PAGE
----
• Synchronization: Different Ministries and Departments frequently function in isolation. The project’s planning and execution are not coordinated, which causes delays. By ensuring that work is coordinated between the various departments, PM GatiShakti will assist in coordinating the operations of the various layers of governance in a comprehensive manner.
  • Analytical: The plan will compile all the data in one location using GIS-based spatial planning and analytical tools with 200+ layers, giving the executing agency better visibility.
  • Dynamic: Through the GIS platform, all Ministries and Departments will now be able to visualise, review, and monitor the progress of cross-sectoral projects, as satellite imagery will periodically provide on-ground progress and the progress of the projects will be updated on a regular basis on the portal.

Way Ahead

  • A sustained conversation with users and private players will be necessary for infrastructure planning in the future to eliminate bottlenecks.
  • The Unified Logistics Interface Platform can be used to ensure data integration, which will increase efficiency (ULIP).
  • The best possible use of the infrastructure in India. India could significantly lower its overall capex needs and prepare for the future by comparing each asset to its best-in-class equivalents and implementing digital solutions.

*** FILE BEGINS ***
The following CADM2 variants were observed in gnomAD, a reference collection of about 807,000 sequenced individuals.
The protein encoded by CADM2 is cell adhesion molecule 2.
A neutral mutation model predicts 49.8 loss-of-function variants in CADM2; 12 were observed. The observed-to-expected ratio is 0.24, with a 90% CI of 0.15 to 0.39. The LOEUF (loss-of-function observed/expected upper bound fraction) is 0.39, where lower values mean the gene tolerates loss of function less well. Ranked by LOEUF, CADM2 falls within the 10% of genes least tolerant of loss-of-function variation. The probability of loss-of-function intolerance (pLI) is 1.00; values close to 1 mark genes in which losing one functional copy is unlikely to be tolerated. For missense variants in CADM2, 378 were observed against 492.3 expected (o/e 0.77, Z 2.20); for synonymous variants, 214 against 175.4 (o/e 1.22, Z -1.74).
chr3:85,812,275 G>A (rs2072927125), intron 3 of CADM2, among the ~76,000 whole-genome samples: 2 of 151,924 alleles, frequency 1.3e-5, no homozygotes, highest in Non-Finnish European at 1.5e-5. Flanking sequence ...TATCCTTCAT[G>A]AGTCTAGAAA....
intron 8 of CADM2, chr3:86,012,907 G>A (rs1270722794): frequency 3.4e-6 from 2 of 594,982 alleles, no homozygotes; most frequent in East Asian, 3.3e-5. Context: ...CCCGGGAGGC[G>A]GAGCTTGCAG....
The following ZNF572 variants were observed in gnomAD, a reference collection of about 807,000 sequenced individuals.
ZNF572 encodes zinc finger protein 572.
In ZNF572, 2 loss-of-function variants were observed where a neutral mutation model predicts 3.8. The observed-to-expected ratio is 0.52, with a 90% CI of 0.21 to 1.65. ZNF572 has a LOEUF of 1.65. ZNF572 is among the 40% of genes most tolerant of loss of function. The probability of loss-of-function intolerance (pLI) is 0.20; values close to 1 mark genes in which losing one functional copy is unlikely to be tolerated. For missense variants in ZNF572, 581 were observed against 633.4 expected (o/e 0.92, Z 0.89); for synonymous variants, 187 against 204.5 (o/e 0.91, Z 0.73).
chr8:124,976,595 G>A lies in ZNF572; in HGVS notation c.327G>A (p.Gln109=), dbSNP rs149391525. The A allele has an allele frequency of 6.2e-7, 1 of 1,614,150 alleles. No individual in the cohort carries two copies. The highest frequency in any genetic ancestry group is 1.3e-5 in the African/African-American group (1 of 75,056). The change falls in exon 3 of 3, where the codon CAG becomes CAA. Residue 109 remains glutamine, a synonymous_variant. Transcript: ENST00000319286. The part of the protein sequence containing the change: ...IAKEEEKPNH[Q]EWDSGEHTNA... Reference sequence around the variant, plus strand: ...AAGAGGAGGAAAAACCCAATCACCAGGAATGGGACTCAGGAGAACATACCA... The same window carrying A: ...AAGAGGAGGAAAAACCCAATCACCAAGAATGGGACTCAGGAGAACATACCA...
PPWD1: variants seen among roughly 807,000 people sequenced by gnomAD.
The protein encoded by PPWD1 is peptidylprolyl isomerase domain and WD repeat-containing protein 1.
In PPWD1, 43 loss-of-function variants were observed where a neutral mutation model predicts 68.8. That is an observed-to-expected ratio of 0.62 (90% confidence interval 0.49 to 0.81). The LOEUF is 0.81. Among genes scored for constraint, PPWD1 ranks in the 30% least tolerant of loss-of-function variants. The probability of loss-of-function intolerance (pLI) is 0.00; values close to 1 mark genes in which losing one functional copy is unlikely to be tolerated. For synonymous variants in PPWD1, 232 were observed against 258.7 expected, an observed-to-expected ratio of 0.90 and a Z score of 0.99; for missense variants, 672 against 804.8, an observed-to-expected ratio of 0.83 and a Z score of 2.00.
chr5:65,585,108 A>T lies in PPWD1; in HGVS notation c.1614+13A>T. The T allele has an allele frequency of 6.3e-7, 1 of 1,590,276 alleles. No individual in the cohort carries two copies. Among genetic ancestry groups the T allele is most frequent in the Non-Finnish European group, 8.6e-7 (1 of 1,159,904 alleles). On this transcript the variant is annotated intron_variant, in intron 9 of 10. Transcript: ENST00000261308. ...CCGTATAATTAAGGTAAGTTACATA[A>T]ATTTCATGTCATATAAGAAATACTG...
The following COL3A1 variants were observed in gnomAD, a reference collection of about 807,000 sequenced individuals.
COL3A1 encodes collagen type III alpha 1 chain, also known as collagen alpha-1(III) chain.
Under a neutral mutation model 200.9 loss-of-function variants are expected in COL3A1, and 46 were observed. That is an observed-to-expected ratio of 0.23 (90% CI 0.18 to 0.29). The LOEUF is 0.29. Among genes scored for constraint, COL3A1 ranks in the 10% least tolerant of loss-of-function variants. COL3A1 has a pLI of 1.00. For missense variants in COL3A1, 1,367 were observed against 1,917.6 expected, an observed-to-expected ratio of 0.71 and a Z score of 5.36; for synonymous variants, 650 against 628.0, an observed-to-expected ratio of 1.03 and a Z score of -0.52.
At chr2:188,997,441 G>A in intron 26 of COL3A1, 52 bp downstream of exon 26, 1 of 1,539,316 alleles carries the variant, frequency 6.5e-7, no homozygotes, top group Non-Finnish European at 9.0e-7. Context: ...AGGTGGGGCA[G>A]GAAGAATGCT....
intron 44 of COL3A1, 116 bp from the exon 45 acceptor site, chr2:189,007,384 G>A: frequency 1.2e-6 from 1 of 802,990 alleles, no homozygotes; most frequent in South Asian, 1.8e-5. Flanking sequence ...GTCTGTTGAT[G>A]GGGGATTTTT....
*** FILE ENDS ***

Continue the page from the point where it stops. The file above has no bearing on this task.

• Demand aggregation or pooling, data on capacity, real-time tracking, and analytics are some of the essential elements of end-to-end logistics management.
  • Incorporating cloud-based IT systems, integrating and coordinating among Indian logistical service suppliers, and using small service providers are additional efficiency-boosting measures that will be put into practise more frequently.
  • The outsourcing of tasks to (and the development of) third- and fourth-party service providers in India should make PM Gati Shakti even more significant and environmentally friendly.

Conclusion

  • Projects like PM Gati Shakti and the National Logistics Policy lay the groundwork for India to seize its chance to become a crucial link in global supply chains.
  • The cost of doing business will go down, and India will become an even more desirable location thanks to improved logistics.
  • As PM Gati Shakti’s third pillar of effective logistics infrastructure continues to take shape, the pillars of manufacturing and green growth will continue to reap benefits.
  • As a result, this focus is a crucial component of a solid plan to achieve rapid economic growth.
  • Rapid growth made possible by new policy measures should eventually assist in providing Amrit Kaal dividends to more than 1.4 billion Indians.

February 2024